Ignoring Vocational Schools Ignores a More Prosperous Future

I came across a fascinating article in The Wall Street Journal recently that reported that due to Germany’s aggressive promotion of vocational schools and skills training, the German unemployment rate for young people is below 8 percent.

Contrast that to a new report that one in four Americans aged 24 to 54 aren’t working. That’s an unemployment rate of 25 percent. For our teenagers it is even much higher.

That’s a tragedy. But at the root of the problem is nothing to do with a lack of available jobs. It has to do with a certain kind of American snobbery that perceives manufacturing and craftsmen jobs as somehow demeaning.

Young people need a wake-up call if they want to build a meaningful career.

While so many of our young people are unemployed, the Labor Department estimated in June there were 281,000 manufacturing job openings, but only 248,000 were filled. That’s more than 30,000 good-paying jobs that went unfilled.

The reason, of course, is that there is a lack of trained workers who can fill these jobs.

What is Germany doing right?

The Journal noted that German companies underwrite apprenticeship programs that allow students to gain on-the-job training three to four days a week. The rest of the time they attend vocational schools, where their skills are strengthened even further. That’s a smart approach to job creation.

Now, German companies are exporting their approach to the U.S.

A 37-year old woman in Tennessee, after completing an apprenticeship program, is earning $22.00 an hour at a Volkswagen plant, which is 50 percent higher than the median wage in her state. And it is interesting to note that Tennessee is a right-to-work state.

The good news is that some American states are paying attention.

A Brookings Institution report found, for example, that in the state of Washington, earnings from educational and training programs surpassed earnings from traditional educational venues.

In fact, apprenticeship programs in 10 states showed similar patterns.

What’s holding back vocational training in the U.S?

It’s an embedded belief that only a college education has value — something constantly reinforced by the Obama administration, which pushes young people in that direction.

In fact, Obama has proposed that the nation’s universities increase the number of degrees they grant by using federal funding as an incentive to boost the number of college graduates. His goal is to raise the nation’s college graduation rate to 60 percent by 2020.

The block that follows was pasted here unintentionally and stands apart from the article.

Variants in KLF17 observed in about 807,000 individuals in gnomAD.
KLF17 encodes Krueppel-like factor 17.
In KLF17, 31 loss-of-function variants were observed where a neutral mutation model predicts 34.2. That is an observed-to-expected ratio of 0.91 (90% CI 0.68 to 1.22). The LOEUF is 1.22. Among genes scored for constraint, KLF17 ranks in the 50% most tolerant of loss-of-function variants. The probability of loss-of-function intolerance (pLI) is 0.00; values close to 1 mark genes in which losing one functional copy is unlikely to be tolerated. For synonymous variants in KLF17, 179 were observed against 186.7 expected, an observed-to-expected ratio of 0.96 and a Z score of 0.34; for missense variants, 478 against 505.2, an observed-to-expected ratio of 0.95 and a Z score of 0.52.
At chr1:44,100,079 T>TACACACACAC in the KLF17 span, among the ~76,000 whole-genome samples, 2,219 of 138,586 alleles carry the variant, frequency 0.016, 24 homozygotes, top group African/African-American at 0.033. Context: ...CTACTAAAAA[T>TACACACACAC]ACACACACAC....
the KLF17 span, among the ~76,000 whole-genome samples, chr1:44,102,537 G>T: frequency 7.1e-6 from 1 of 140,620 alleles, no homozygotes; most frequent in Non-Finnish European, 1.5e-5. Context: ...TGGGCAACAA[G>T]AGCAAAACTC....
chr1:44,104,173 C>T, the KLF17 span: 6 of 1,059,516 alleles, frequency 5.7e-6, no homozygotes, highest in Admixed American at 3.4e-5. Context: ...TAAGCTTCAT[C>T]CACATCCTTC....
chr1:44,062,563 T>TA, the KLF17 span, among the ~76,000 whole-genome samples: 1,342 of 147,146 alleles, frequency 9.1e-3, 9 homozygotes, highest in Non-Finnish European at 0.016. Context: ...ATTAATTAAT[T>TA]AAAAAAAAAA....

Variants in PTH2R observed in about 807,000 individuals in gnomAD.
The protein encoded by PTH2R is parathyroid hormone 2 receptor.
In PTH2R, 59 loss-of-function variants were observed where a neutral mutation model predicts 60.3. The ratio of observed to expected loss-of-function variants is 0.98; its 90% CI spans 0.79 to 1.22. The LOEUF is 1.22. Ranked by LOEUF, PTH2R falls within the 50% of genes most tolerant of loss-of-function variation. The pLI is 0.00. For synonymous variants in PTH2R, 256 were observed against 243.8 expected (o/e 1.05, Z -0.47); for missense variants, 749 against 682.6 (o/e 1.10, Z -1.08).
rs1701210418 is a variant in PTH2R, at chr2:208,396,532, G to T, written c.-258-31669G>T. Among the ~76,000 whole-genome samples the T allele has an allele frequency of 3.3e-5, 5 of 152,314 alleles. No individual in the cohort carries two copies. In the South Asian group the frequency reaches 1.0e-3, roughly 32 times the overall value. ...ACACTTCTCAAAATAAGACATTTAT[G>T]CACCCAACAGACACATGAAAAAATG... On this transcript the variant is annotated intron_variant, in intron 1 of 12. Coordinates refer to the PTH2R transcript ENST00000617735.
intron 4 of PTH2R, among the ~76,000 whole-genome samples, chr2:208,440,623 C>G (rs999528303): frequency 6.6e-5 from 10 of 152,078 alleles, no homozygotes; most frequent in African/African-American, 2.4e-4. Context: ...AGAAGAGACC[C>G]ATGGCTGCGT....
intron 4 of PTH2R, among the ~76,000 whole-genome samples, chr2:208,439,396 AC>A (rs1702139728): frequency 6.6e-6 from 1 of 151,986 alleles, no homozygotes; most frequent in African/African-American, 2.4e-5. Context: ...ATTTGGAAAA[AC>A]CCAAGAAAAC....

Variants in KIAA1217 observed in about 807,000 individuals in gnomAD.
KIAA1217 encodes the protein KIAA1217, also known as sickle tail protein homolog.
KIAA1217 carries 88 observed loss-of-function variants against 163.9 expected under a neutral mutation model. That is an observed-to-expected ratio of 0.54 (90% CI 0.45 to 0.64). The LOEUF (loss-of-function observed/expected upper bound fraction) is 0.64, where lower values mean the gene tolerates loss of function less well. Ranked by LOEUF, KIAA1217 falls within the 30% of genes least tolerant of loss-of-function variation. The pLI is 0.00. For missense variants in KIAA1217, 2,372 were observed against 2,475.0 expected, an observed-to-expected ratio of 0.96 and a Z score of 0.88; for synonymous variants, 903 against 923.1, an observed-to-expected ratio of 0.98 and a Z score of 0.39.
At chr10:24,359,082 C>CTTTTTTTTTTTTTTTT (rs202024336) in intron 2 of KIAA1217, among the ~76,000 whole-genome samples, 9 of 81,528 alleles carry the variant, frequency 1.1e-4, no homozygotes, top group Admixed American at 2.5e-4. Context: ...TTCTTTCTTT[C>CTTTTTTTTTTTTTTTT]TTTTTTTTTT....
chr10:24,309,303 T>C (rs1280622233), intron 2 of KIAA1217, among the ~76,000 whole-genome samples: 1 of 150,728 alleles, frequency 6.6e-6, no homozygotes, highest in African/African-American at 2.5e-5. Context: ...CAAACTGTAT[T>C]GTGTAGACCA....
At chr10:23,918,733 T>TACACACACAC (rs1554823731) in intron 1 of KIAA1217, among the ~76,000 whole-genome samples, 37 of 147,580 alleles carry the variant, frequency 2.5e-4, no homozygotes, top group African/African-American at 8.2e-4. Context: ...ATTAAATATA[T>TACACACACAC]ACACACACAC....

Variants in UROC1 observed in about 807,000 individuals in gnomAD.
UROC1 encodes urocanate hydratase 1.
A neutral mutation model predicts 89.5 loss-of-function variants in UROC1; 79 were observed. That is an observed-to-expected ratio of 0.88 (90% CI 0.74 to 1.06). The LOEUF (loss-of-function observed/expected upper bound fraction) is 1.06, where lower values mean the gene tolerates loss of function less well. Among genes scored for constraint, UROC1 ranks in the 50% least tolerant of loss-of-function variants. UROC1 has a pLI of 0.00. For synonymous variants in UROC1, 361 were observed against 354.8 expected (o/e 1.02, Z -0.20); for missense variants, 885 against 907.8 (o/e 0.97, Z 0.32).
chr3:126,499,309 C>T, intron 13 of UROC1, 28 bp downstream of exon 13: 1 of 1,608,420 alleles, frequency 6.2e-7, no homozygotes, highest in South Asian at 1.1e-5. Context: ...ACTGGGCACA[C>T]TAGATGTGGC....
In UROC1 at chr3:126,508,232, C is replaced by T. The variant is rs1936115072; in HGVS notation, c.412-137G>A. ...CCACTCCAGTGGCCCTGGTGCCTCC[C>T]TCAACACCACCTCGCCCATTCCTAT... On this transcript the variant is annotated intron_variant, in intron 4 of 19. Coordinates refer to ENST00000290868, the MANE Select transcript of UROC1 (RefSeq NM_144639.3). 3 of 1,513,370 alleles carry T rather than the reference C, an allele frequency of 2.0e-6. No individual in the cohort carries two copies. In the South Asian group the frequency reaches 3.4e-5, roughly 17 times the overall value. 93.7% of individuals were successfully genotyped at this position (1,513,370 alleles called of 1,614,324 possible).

That sounds good until you take into account a 2013 report from the Center for College Affordability and Productivity that found nearly half of the nation’s recent college graduates work in jobs that don’t require a degree.

The researchers claimed that 15 percent of taxi drivers had at least a bachelor’s degree in 2010, compared with 1 percent in 1970.

I’m not suggesting that a college education has no value. It does. But young people should broaden their post-high school education options beyond traditional colleges and universities.

It can start with high school guidance counselors offering a broader scale of opportunities, which should include vocational- and job-training options.

Parents should think on a broader scale also. Should we spend $80,000 for a college education that may have their child living back at home because they can’t find suitable work?

Employers should be reaching out to area schools to identify potential job candidates and working with counselors to encourage vocational and jobs training.

This is a win-win for America. Jobs stay in America. Employment rises. Young people enjoy a higher standard of living and have renewed hope. It reduces the millions of college graduates and their families strapped with huge student loans.

And most importantly, it gets America working again. Factories work at full capacity and a new generation of trained American workers starts to emerge. All it takes is the courage to take a fresh look at this nation’s educational and training programs.

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